When I look at a recovery prospect, I steer clear until I see evidence that a firm’s solvency is assured and its return to health has actually started happening. I’m now also adding a requirement that I can see the potential for at least a doubling of the share price.
This approach has been strengthened by a string of failures, the most recent being the collapse of Thomas Cook, whose survival had looked almost assured just a week before it went bust.
I’m keeping a close eye on Kier Group (LSE: KIE), which might be making slow progress in its struggle to return to health. Its 10% net debt reduction for the year ended 30 June might look encouraging, down from £186m at 30 June 2018 to £167m a year later, but it’s nowhere near the progress the company had hoped to make by this stage.
There’s no hiding the fact that the results were painful overall, as chief executive Andrew Davies said, “Kier experienced a difficult year, resulting in a disappointing financial performance.” But he did stress that, with a new management team in place, “The re-shaping of the Group is designed to reduce its overall indebtedness during FY 2020 and to restore Kier to robust financial health.“
The plan for achieving long-term balance sheet health involves the sale of the Kier Living division and withdrawal from the Environmental Services and Facilities Management businesses, a reduction in capital investment in Property to £100m by the same point next year (from £184m at 30 June this year), and job losses of 1,200 in the next financial year (following on from 650 in FY 2019).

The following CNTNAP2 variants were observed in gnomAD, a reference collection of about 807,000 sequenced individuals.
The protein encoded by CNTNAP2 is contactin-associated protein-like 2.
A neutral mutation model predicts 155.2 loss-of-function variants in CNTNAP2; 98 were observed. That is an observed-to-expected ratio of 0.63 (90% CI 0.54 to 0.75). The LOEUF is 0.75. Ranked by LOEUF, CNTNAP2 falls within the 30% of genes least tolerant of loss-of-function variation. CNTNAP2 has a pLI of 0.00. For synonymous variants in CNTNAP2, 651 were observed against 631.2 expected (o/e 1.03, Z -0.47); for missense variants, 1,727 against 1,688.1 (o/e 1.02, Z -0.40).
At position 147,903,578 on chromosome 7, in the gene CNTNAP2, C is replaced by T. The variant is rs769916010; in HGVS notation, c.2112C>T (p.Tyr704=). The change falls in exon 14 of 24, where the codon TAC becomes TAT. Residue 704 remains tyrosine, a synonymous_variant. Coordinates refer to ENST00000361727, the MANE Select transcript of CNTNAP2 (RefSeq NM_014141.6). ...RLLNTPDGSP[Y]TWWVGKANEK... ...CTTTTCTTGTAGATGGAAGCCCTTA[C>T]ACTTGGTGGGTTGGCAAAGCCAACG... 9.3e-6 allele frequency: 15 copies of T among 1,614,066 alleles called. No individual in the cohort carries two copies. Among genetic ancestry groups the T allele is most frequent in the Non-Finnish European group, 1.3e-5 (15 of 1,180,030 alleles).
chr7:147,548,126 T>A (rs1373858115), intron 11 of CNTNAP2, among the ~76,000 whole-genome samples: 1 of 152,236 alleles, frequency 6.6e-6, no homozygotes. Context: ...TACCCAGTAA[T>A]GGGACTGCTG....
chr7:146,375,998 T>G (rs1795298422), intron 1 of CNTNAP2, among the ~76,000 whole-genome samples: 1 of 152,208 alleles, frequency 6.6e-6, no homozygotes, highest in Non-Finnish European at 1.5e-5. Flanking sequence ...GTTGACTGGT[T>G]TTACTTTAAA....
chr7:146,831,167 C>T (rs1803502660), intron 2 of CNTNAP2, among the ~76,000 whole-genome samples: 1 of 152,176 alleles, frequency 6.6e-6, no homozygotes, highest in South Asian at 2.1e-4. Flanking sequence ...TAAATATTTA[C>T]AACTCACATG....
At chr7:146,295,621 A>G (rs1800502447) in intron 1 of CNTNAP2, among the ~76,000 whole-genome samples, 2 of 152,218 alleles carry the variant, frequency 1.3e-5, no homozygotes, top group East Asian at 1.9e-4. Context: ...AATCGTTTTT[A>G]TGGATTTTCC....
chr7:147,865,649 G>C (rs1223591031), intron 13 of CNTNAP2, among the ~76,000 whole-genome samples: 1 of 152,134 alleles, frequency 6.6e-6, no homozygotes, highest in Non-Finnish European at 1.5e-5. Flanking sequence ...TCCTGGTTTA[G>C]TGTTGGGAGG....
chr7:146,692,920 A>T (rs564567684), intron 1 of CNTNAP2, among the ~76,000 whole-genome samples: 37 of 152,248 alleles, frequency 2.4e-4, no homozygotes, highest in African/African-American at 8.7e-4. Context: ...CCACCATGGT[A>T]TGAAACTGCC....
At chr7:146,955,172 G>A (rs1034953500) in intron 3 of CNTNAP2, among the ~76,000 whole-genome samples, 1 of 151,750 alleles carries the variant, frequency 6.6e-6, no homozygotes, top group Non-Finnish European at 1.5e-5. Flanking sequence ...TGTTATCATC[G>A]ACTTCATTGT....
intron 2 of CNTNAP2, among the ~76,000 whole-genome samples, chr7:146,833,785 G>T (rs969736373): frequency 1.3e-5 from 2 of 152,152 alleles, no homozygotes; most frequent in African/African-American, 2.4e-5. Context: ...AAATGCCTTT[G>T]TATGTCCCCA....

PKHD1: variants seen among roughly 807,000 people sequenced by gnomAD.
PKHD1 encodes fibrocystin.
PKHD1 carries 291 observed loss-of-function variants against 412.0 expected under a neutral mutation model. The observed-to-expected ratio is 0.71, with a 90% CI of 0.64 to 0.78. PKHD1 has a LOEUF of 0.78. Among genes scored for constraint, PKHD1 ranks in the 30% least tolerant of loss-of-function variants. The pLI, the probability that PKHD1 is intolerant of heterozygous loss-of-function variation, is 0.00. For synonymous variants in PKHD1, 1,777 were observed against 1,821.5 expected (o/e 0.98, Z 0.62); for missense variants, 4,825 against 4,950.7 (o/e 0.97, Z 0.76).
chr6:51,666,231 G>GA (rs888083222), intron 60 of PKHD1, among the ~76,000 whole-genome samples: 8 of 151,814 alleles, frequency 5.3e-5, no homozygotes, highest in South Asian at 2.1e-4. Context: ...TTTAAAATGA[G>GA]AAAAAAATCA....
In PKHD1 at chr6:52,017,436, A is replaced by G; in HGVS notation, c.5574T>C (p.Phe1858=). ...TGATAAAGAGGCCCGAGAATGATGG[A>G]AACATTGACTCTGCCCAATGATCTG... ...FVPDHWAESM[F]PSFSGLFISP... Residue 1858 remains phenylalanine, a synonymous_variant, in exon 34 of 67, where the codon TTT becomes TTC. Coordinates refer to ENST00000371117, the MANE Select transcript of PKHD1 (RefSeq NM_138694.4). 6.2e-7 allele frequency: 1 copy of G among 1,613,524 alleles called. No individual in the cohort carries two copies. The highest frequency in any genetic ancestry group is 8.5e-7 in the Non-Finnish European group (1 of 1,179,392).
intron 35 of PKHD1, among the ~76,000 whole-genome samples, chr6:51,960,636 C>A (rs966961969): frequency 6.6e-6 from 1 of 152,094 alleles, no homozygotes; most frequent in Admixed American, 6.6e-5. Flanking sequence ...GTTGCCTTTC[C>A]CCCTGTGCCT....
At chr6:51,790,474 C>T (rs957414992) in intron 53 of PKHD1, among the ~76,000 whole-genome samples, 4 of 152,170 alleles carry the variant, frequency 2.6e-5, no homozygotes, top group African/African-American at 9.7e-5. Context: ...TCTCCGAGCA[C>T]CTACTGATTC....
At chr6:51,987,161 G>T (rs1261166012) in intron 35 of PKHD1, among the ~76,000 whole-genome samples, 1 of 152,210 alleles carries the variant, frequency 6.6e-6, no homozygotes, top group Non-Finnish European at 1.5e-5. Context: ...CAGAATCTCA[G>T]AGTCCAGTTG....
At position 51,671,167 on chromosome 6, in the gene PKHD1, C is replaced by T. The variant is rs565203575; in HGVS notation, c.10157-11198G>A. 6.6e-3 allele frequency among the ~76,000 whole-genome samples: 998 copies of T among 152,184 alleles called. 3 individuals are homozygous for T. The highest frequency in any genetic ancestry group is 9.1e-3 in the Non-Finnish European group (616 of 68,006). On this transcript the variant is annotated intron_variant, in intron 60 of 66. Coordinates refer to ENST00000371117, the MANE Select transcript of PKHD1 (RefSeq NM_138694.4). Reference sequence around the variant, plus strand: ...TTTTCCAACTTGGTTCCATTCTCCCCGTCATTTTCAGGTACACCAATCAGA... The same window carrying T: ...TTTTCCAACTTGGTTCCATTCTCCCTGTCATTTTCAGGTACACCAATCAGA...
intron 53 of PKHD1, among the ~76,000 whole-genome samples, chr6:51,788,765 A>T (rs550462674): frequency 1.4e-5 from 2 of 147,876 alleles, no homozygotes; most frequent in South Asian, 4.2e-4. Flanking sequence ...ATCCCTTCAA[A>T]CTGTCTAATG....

After the collapse of Carillion, short sellers started to attack the rest of the sector, including Kier. This was far from the only cause, but it added to the downward pressure on Kier’s share price, and we’re now looking at a fall of around 90% over the past 12 months. As well as thinking that the whole sector was overstretched, some were even of the opinion that Kier’s cash flow accounting had been a little on the optimistic side.
On current forecasts, Kier shares are on a forward price-to-earnings (P/E) of under 3. That’s pretty much unheard of, certainly for a company that’s it’s not headed for the wall, and it clearly represents a market consensus that Kier shares are not to be touched with a bargepole.
Even if we doubled the effective P/E to account for the firm’s debt being very close to its market cap, and to try to get some valuation for the company alone, we’d still be looking at an effective multiple of less than 6.
Too many questions
Right now, there are many questions concerning Kier’s ability to turn its balance sheet and cash flow positions around, and some of the key ones are presented by my Motley Fool colleague G A Chester – I’d urge you to check them out before you think of investing.
It’s possible that Kier could become the turnaround story of the century, that there’s way more than a share price doubling on the cards, and that my recovery rules guarantee I’ll miss out. But avoiding the real possibility of a total wipeout is more important to me, and I’m definitely not buying.
Alan Oscroft has no position in any of the shares mentioned. The Motley Fool UK has no position in any of the shares mentioned. Views expressed on the companies mentioned in this article are those of the writer and therefore may differ from the official recommendations we make in our subscription services such as Share Advisor, Hidden Winners and Pro. Here at The Motley Fool we believe that considering a diverse range of insights makes us better investors.